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Technical Rear brake lockup

Discussion in 'The Hokey Ass Message Board' started by rockable, Feb 9, 2020.

  1. rockable
    Joined: Dec 21, 2009
    Posts: 2,675

    rockable
    ALLIANCE MEMBER

    My 49 Chevy Wagon has a 57 Chevy rear end with stock drum brakes. The fronts are GM M calipers and there is a GM combination vale in the circuit. I'm almost certain the plumbing is correct because I corrected an error right after I bought the car. The car stops well but in a panic stop, the rears lock up and that is a scary proposition. Today, I had a close call while out for a drive.

    I will investigate this more thoroughly this coming week but, assuming all is plumbed correctly and the combination valve is ok, what other things could cause this? Adjustment of the rears? Pushrod from the booster to master cylinder too long? Help me get the possibilities fresh in my mind.
     
  2. David Gersic
    Joined: Feb 15, 2015
    Posts: 2,018

    David Gersic
    Member
    from DeKalb, IL

    Fronts not grabbing or wrong proportioning valve for brake hardware.


    Sent from my iPad using The H.A.M.B. mobile app
     
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  3. rockable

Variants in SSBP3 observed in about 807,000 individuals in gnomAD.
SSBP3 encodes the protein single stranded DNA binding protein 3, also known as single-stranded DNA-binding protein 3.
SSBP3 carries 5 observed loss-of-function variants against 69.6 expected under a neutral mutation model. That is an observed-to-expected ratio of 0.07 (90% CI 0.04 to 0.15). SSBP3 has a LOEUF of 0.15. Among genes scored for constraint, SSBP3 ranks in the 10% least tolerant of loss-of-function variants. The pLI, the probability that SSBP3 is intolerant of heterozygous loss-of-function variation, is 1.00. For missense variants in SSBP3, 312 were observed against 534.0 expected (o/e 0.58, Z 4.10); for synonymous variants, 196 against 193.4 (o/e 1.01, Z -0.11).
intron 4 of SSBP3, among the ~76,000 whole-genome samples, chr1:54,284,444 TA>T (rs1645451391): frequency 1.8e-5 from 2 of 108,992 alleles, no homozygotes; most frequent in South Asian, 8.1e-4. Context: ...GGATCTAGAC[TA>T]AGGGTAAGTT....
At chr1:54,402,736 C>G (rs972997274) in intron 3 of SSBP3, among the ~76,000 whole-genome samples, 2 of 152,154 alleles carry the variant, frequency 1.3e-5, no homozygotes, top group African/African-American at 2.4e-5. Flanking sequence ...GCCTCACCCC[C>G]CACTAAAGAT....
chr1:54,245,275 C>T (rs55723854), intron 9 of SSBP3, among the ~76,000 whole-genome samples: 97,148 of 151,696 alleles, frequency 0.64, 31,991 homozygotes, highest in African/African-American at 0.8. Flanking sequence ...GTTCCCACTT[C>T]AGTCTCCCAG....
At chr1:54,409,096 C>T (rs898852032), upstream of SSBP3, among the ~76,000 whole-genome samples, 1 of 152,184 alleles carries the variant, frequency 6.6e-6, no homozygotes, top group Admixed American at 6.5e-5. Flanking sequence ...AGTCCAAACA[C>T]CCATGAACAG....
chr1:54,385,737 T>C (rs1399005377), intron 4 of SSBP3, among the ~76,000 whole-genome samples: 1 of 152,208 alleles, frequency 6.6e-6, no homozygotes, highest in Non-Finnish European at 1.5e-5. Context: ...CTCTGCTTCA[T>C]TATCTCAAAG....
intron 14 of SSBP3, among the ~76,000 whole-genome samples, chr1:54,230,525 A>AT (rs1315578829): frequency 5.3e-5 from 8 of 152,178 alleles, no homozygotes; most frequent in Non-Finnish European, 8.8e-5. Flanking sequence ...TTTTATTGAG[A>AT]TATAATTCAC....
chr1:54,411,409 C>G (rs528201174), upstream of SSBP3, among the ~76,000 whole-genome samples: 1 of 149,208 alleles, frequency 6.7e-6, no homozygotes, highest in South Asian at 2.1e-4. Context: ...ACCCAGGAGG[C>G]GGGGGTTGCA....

Joined: Dec 21, 2009
    Posts: 2,675

    rockable
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    The fronts are working and the GM combination valve is tried and true. I'm thinking that the rears may be heating up a bit and causing them to grab when pressure is applied.
     
  4. 6sally6
    Joined: Feb 16, 2014
    Posts: 900

    6sally6
    Member

    Buy an ADJUSTABLE proportioning valve. They have a knob to change the bias from front to back. (s'why it's called adjustable.
    6sally6
     
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  5. bschwoeble
    Joined: Oct 20, 2008
    Posts: 458

    bschwoeble
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    Agree with 6sally6. Factory proportioning valves are specific to the car it came off of.
     
  6. rockable
    Joined: Dec 21, 2009
    Posts: 2,675

    rockable
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    I'm familiar with them but I've never had to use one before. The 57 brakes aren't all that stout, so I will check things out. Maybe someone put oversize wheel cylinders in the rear?
     
  7. MAD MIKE
    Joined: Aug 1, 2009
    Posts: 402

    MAD MIKE
    Member
    from 94577

    Generic preset prop valves are only ideal for whatever vehicle they were based on.

    If your front brakes are 80's 'G' body 60mm metric calipers/10.5" discs, they were never paired with anything other than 9" drums on a framed car.
    Your '57 11" drums will rear bias the brake system. Even the 'G' wagons still sported the 9" drums.
    '57 rear wheel cylinders were 1" on the early cars, G bodies used 3/4"rear wheel cylinders. This again pushes the brake bias rearward.